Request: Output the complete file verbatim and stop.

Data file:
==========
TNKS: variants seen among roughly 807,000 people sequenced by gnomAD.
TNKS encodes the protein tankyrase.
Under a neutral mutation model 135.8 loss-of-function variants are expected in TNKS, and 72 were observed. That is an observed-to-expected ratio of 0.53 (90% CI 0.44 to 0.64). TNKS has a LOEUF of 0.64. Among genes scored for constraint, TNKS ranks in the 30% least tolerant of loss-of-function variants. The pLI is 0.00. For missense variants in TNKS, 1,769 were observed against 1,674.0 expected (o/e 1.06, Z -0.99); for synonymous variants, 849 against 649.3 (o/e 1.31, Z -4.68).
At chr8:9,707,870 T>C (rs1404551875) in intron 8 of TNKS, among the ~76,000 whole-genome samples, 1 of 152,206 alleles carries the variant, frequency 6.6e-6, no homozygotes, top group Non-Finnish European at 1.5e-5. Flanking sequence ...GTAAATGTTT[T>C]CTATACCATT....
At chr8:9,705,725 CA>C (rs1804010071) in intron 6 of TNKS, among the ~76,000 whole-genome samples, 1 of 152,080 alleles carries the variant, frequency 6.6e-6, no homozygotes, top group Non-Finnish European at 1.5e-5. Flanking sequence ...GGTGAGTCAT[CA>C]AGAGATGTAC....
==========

TNKS: variants seen among roughly 807,000 people sequenced by gnomAD.
TNKS encodes the protein tankyrase.
Under a neutral mutation model 135.8 loss-of-function variants are expected in TNKS, and 72 were observed. That is an observed-to-expected ratio of 0.53 (90% CI 0.44 to 0.64). TNKS has a LOEUF of 0.64. Among genes scored for constraint, TNKS ranks in the 30% least tolerant of loss-of-function variants. The pLI is 0.00. For missense variants in TNKS, 1,769 were observed against 1,674.0 expected (o/e 1.06, Z -0.99); for synonymous variants, 849 against 649.3 (o/e 1.31, Z -4.68).
At chr8:9,707,870 T>C (rs1404551875) in intron 8 of TNKS, among the ~76,000 whole-genome samples, 1 of 152,206 alleles carries the variant, frequency 6.6e-6, no homozygotes, top group Non-Finnish European at 1.5e-5. Flanking sequence ...GTAAATGTTT[T>C]CTATACCATT....
At chr8:9,705,725 CA>C (rs1804010071) in intron 6 of TNKS, among the ~76,000 whole-genome samples, 1 of 152,080 alleles carries the variant, frequency 6.6e-6, no homozygotes, top group Non-Finnish European at 1.5e-5. Flanking sequence ...GGTGAGTCAT[CA>C]AGAGATGTAC....